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Maidenhead couple win 'racial discrimination' adoption case

Maidenhead couple win 'racial discrimination' adoption case

Oxford County Court. Image by Google

A Maidenhead couple have been awarded thousands of pounds in damages following a legal discrimination battle with the Royal Borough's adoption service.

Sandeep and Reena Mander, both in their thirties, attempted to join an adoption register in 2015 after they were unable to have a child of their own.

The pair had expressed a desire to adopt a child of any race, with a preference for someone under three years old and with ‘simple needs’.

But the couple claimed their application was rejected due to their Indian heritage, despite both being British nationals since birth and identifying as British.

The couple's discrimination case was heard at Oxford County Court in November this year.

The court heard how, after the Manders’ application to be put on adoption agency Adopt Berkshire’s register was ‘deferred’, they received a letter stating they should try adopting a child from India or Pakistan.

Adopt Berkshire has now been disbanded.

In a judgement released today (Friday) judge Melissa Clarke said that Mr and Mrs Mander were 'discriminated against on the grounds of race'.

The couple were awarded £60,013.14 in 'special damages'. They were awarded £18,000 each in 'general damages', which 'should' be subject to an increase for inflation, as well as a '10 per cent uplift'.

The exact figure for general damages was not given in the judgement.

Judge Clarke said: "I consider that Mr and Mrs Mander were particularly vulnerable, being a childless couple who had gone through numerous rounds of IVF and a sad early pregnancy loss, and were seeking adoption to create their family."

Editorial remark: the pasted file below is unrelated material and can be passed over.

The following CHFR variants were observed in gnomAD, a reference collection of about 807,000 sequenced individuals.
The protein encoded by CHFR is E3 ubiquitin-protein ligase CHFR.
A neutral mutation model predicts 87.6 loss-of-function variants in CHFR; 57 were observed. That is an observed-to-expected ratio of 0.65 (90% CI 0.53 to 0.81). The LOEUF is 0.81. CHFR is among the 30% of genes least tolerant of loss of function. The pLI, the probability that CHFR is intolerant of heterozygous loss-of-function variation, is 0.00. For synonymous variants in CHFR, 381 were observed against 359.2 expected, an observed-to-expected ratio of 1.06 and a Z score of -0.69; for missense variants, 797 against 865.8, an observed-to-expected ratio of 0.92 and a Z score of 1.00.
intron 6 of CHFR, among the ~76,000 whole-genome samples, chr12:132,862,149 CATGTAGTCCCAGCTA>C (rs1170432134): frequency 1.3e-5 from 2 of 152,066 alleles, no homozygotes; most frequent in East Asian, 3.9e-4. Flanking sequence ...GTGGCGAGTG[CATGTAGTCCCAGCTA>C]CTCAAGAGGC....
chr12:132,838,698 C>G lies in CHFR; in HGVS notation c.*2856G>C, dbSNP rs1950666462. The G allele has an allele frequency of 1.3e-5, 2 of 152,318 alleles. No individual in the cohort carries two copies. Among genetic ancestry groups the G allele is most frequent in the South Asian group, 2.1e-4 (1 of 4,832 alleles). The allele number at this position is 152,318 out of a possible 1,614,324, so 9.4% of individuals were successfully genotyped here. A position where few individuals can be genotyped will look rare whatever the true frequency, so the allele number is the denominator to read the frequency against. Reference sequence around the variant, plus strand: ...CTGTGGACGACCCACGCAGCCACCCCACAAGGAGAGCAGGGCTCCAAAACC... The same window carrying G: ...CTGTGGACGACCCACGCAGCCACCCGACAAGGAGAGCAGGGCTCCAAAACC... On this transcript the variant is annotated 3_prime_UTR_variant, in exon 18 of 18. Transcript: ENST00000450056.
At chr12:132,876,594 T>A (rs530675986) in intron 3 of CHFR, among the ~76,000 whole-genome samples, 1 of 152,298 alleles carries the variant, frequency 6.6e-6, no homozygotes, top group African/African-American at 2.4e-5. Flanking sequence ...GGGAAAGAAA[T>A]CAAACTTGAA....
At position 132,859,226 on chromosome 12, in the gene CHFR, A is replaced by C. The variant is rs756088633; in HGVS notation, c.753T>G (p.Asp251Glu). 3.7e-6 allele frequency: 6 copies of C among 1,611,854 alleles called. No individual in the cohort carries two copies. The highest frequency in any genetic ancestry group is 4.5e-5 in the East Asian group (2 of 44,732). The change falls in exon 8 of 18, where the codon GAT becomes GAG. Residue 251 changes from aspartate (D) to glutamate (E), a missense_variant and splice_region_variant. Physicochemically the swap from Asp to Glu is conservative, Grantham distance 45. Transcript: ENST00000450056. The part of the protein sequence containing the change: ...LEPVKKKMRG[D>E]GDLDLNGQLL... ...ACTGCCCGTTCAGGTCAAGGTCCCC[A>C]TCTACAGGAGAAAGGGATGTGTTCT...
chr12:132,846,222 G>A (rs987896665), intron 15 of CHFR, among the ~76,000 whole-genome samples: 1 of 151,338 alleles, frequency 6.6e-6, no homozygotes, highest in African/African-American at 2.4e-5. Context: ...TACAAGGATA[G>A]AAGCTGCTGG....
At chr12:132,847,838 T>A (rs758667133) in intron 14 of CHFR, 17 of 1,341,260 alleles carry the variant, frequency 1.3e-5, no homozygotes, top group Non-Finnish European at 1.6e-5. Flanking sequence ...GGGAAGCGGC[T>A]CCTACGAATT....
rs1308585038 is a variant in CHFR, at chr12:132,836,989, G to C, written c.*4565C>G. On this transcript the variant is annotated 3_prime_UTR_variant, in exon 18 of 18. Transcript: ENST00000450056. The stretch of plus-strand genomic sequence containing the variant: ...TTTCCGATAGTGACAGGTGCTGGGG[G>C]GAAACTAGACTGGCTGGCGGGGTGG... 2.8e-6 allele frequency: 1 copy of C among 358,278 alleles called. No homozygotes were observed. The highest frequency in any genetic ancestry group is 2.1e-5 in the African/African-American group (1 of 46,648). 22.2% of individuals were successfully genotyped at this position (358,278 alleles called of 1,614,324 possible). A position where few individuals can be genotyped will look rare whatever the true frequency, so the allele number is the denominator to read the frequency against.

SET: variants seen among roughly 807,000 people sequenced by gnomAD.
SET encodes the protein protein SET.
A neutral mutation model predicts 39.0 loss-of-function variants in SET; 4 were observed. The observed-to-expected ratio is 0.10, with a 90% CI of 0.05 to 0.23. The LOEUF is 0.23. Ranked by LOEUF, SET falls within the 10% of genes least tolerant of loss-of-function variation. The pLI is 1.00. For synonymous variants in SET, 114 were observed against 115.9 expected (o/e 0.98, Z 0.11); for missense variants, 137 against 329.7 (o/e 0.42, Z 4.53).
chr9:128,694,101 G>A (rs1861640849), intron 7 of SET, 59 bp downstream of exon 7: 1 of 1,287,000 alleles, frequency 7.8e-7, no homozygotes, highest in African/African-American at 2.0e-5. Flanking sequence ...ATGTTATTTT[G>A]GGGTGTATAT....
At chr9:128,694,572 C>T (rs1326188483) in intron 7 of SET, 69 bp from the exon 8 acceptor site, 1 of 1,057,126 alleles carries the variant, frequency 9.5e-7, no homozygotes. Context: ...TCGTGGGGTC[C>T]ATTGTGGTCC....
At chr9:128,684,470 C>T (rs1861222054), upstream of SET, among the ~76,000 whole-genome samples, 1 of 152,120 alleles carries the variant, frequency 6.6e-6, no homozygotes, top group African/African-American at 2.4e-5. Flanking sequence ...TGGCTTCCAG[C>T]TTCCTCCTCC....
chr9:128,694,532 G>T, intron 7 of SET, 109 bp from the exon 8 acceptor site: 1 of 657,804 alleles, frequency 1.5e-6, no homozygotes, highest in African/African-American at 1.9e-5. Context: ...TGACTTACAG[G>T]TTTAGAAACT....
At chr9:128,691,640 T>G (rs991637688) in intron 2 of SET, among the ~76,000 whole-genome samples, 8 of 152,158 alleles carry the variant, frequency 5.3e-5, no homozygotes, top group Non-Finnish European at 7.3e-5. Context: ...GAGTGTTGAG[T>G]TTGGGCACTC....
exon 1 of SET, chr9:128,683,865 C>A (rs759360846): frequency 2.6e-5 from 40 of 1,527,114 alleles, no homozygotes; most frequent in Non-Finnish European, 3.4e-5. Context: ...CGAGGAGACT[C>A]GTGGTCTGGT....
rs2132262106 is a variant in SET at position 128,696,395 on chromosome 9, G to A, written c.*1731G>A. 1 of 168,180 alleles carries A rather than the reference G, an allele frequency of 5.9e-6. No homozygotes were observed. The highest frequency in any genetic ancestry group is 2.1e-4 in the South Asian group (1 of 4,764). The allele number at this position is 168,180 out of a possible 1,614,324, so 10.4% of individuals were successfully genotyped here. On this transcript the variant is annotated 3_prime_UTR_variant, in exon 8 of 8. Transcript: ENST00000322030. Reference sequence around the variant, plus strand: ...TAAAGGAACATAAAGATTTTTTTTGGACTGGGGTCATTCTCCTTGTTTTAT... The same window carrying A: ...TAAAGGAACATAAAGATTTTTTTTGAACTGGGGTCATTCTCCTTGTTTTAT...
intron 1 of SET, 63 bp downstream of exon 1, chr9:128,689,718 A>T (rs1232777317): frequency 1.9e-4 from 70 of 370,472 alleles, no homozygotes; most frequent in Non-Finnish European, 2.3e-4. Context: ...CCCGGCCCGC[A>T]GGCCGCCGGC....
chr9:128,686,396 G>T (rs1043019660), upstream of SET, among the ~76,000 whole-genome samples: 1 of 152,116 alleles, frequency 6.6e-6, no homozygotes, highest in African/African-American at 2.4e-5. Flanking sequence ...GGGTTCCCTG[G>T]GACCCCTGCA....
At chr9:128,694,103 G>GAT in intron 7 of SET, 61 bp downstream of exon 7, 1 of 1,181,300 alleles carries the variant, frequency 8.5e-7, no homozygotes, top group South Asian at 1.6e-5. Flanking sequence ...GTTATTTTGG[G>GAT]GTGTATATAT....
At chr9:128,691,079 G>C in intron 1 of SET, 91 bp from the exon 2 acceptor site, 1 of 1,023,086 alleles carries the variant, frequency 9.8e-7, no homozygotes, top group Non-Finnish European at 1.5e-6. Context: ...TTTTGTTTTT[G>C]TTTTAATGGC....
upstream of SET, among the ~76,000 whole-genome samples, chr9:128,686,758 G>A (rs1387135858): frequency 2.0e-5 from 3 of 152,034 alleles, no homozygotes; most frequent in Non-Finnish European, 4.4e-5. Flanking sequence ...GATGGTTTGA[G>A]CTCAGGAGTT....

In a statement released after the judgement, Mr and Mrs Mander said: “This decision ensures that no matter what race, religion or colour you are, you should be treated equally and assessed for adoption in the same way as any other prospective adopter."

The couple said that 'cultural values and beliefs is just one of the many areas that should be assessed when looking at the suitability of adopters', but it should 'never be the overriding factor to stop you even being considered'.

They added: "We felt there needed to be a change. This is what this case has all been about for us, to ensure discrimination like this doesn’t happen to others wishing to do this wonderful thing called adoption.

"And today’s landmark ruling will ensure this doesn’t happen again.” 

A spokesperson from the Royal Borough said: “We are very disappointed by the judgement in this case, which we will now take time to consider in full.

"We have reviewed our policies to ensure they are fit for purpose and are confident that we do not exclude prospective adopters on the grounds of ethnicity.

"Finally, we always put the best interests of the children at the heart of any adoption decisions and are committed to best practice in our provision of adoption services.”

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